A top-to-bottom bungle

Sandy Grady

April 22, 1993|By Sandy Grady

SOMEBODY at the top screwed up.


That's the only common-sense impression of the Waco, Texas, double disaster.

I doubt if months of hearings by Washington politicians will dent that conclusion: The Waco tragedy was a top-to-bottom bungle.

In the end, David Koresh, rock 'n' rolling, psychopathic phoney Jesus, outsmarted a U.S. Government army of hostage experts, psychiatrists and FBI agents.

The Waco Wacko got what he craved -- Apocalypse Now.

The first, reckless frontal assault Feb. 28, doomed by slipshod intelligence and a tipped-off raid, killed four government commandoes. For Koresh, a bonanza -- worldwide celebrity.

In the next 51 days, while it blared taped music and spotlights at the compound, the FBI had plenty of time to study Koresh's personality.

Mass suicide, they decided, wasn't the Wacko's style.

Wrong again.

Worse, government besiegers were getting itchy to end this charade.

Their final, miscalculated raid by tanks ramming the compound with tear gas ended with at least 86 cultists, including 17 children, burning to death. The flaming climax perfectly fitted Koresh's kooky biblical prophecies.

Watching those boiling orange flames, thinking of children in the inferno, brought back lines from Joseph Conrad's "Heart of Darkness": "The horror! The horror!"

No doubt who won the macabre standoff:

David Koresh, predatory, freaked-out, Bible-thumping oddball, outwitted the FBI to die triumphantly in a fiery Armageddon. Li'l David, flaming out on live, global TV!

Who goofed? Nobody's excused from the double bungle, from ATF agents who botched Raid One to the entire government team that lacked the sense to outwait Koresh. Don't skip Bill Clinton.

"Well, OK," Mr. Clinton signed off on the raid. True, a president can't plot details of an FBI operation 1,200 miles away. But Mr. Clinton's quote, "I told the attorney general to do what was right," had the weaseling sound of a president easing away from political disaster.

Shucks, even Wilson Goode had been more forthright. But the Philly mayor, whose aerial cops bombed a MOVE cult house in 1985, only burned 11 people and half a neighborhood.

Time out to praise Attorney General Janet Reno.

She made what in retrospect was a terrible decision on Waco. But in her bruising news conference (and later on CBS, PBS, CNN and ABC), Ms. Reno gave the most candid, standup performance you'll witness from a Washington bureaucrat under heat.

"The buck stops here," Ms. Reno said without a quiver. "I don't do spin stuff. It was my responsibility."

Despite Ms. Reno's insistence that the FBI had a carefully plotted, restrained plan, you come back to the fiery deaths: Somebody bungled, big time.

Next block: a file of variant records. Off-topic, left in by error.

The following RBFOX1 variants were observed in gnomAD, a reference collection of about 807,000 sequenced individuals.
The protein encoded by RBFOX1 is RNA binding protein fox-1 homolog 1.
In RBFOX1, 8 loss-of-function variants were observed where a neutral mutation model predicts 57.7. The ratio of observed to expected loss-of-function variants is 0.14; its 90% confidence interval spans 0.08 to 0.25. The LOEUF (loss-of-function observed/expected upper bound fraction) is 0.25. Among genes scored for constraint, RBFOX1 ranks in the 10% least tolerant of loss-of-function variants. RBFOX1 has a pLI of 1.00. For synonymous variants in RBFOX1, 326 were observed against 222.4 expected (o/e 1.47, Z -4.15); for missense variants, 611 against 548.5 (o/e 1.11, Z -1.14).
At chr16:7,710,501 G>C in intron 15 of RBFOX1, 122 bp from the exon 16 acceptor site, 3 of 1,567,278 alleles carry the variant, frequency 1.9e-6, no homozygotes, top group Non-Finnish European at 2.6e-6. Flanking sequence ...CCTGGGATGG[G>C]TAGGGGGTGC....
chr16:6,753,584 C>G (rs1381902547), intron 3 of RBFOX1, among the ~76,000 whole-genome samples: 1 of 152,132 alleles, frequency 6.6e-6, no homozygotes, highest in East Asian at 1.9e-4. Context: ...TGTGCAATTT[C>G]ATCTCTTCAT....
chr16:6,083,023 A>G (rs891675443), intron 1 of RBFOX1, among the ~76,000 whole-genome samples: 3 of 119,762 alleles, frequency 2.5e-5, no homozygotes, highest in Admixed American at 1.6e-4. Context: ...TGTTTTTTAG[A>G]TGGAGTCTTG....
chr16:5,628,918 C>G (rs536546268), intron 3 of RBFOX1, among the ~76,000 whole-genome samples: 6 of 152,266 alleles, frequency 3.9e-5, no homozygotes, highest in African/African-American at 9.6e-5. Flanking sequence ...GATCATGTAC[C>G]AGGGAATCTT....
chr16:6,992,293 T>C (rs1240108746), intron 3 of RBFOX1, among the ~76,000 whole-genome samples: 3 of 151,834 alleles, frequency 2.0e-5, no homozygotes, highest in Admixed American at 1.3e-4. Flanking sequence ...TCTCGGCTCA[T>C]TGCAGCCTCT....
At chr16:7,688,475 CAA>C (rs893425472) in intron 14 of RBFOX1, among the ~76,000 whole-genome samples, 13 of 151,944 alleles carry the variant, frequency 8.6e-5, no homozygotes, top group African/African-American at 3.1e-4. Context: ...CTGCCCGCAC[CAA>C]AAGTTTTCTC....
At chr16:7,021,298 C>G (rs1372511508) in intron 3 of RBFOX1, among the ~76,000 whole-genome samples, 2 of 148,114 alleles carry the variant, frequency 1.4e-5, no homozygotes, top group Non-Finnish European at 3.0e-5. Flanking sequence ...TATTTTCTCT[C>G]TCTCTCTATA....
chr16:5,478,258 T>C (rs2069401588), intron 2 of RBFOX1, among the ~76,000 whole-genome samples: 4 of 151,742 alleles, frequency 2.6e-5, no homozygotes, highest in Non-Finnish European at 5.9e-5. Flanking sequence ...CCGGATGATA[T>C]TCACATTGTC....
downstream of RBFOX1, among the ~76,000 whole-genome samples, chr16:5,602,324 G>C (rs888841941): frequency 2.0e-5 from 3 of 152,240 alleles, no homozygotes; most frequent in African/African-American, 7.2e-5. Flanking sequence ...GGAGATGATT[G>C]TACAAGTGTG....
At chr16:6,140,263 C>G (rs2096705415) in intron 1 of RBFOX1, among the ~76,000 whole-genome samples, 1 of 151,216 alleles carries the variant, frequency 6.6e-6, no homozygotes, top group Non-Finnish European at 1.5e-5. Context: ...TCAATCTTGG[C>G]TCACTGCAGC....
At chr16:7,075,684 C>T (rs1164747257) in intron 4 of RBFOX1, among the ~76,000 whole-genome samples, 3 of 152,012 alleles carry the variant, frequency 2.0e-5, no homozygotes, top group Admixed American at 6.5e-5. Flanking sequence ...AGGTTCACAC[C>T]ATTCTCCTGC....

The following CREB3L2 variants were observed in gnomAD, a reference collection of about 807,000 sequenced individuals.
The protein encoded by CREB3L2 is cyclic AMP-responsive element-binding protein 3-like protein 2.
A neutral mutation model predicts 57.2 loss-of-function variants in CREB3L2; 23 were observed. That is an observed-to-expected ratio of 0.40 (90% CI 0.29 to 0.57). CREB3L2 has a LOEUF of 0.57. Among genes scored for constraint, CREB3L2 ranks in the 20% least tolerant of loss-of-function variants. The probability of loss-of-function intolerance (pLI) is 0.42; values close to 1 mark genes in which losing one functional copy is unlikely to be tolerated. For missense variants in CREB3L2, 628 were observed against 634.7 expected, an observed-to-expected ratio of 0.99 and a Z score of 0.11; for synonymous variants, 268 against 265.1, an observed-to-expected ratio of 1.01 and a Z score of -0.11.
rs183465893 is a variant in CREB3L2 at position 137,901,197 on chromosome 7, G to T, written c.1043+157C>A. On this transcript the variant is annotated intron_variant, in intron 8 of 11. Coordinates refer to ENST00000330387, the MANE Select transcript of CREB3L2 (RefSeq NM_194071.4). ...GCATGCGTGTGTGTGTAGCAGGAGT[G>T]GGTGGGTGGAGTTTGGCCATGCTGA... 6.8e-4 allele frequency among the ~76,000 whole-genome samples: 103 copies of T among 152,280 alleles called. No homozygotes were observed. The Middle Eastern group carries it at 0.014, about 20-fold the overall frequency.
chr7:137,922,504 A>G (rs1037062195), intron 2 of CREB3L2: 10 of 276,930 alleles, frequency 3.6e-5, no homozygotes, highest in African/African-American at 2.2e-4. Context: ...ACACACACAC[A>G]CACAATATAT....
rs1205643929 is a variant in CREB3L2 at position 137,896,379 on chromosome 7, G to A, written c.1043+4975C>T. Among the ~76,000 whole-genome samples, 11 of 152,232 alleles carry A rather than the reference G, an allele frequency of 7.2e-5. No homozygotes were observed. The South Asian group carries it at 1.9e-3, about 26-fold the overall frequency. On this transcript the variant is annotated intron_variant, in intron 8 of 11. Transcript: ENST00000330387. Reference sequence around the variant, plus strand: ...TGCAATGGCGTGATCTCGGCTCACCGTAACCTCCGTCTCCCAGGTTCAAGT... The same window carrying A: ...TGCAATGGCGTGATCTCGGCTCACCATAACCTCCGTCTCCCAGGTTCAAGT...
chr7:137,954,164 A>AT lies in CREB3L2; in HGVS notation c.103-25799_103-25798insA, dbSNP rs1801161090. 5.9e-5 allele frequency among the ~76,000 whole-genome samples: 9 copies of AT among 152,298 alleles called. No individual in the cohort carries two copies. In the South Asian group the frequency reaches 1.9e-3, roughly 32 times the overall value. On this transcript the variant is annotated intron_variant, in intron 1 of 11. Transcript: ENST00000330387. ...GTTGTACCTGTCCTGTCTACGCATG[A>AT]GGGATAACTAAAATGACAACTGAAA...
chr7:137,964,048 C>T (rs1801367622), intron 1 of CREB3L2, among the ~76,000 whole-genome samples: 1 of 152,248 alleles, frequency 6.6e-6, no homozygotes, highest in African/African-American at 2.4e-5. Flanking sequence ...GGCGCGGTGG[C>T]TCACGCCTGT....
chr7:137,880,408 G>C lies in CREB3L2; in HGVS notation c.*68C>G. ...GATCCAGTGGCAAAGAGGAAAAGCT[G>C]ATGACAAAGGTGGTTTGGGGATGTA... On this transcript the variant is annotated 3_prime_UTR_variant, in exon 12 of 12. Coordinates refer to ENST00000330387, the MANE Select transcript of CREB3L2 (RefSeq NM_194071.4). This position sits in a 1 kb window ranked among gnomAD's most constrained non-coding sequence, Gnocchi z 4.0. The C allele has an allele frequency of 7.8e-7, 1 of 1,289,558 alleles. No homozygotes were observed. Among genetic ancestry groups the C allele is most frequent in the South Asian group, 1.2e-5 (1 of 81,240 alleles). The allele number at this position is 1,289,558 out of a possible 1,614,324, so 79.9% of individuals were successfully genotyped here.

* No matter how often they deny it, you have to suspect the FBI rushed the Waco compound because it got impatient.

All its negotiating ploys and shrink tricks had failed. Koresh would lie. Or ramble in biblical fantasies. A week ago chief agent Bob Ricks decided, "We had to up the ante."

Why? Sure, the siege was expensive, galling, exasperating. Why not pull back the perimeter, outlast Koresh if it took a year?

Reno offered the most specious alibi: The FBI hostage team suffered fatigue, had no backup, and training a new team was too slow.

Come on, what's the price tag on 86 lives, many of them innocent dupes and kids?

* It's incredible that government siege experts foolishly decided Koresh in a showdown wouldn't kill himself and his disciples.

"No one anticipated him taking his own life and other lives,'" confessed FBI director William Sessions on CNN. "We'd been assured by psychiatrists, psycho-linguists and Koresh's attorney he didn't intend suicide." Ricks was more astonished: "We asked him (Koresh) four times, and he promised he wouldn't commit suicide."

Great. The guy preaches he's a Texas messiah with the Secret of the Seven Seals, and the FBI accepts his vows as rational.

* Despite 51 days of planning, the FBI had no thought of Koresh going down in flames. They watched in amazed helplessness as the compound and people burned to a crisp.

"I can't tell you the shock and horror we felt when we saw flames coming out," said Agent Ricks.

Using firefighting helicopters or armored fire trucks is arguable hindsight. But no doubt Koresh's self-immolation outwitted FBI experts.

It's ironic that a U.S. government with whizbang missiles and armed might to defeat Iraq didn't have technology and brains to outsmart one suicidal kook.

"To Koresh it was all a game," said Mr. Ricks.

The deadly score: Koresh 90, FBI 0.

Sandy Grady writes for the Philadelphia Daily News.

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